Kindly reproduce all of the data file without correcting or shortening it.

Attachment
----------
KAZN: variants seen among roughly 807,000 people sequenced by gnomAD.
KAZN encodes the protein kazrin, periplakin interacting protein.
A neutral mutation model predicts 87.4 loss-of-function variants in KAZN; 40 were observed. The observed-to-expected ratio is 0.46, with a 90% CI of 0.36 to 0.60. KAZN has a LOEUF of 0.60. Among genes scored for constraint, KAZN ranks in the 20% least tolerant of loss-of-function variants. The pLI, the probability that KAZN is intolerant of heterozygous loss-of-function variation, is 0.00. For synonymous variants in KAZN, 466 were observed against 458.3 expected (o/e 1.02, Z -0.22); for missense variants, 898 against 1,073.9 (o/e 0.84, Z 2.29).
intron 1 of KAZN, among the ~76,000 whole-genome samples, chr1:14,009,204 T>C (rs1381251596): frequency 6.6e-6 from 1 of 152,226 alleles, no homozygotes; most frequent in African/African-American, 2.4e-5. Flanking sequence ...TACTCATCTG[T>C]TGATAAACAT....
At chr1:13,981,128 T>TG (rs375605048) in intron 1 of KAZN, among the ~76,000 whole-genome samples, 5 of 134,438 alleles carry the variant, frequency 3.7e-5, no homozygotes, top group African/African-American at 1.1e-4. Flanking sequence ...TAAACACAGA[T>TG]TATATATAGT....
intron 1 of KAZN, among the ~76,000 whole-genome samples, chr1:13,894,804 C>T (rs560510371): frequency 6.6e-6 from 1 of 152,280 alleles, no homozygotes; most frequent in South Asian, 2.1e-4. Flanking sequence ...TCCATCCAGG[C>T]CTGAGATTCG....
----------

KAZN: variants seen among roughly 807,000 people sequenced by gnomAD.
KAZN encodes the protein kazrin, periplakin interacting protein.
A neutral mutation model predicts 87.4 loss-of-function variants in KAZN; 40 were observed. The observed-to-expected ratio is 0.46, with a 90% CI of 0.36 to 0.60. KAZN has a LOEUF of 0.60. Among genes scored for constraint, KAZN ranks in the 20% least tolerant of loss-of-function variants. The pLI, the probability that KAZN is intolerant of heterozygous loss-of-function variation, is 0.00. For synonymous variants in KAZN, 466 were observed against 458.3 expected (o/e 1.02, Z -0.22); for missense variants, 898 against 1,073.9 (o/e 0.84, Z 2.29).
intron 1 of KAZN, among the ~76,000 whole-genome samples, chr1:14,009,204 T>C (rs1381251596): frequency 6.6e-6 from 1 of 152,226 alleles, no homozygotes; most frequent in African/African-American, 2.4e-5. Flanking sequence ...TACTCATCTG[T>C]TGATAAACAT....
At chr1:13,981,128 T>TG (rs375605048) in intron 1 of KAZN, among the ~76,000 whole-genome samples, 5 of 134,438 alleles carry the variant, frequency 3.7e-5, no homozygotes, top group African/African-American at 1.1e-4. Flanking sequence ...TAAACACAGA[T>TG]TATATATAGT....
intron 1 of KAZN, among the ~76,000 whole-genome samples, chr1:13,894,804 C>T (rs560510371): frequency 6.6e-6 from 1 of 152,280 alleles, no homozygotes; most frequent in South Asian, 2.1e-4. Flanking sequence ...TCCATCCAGG[C>T]CTGAGATTCG....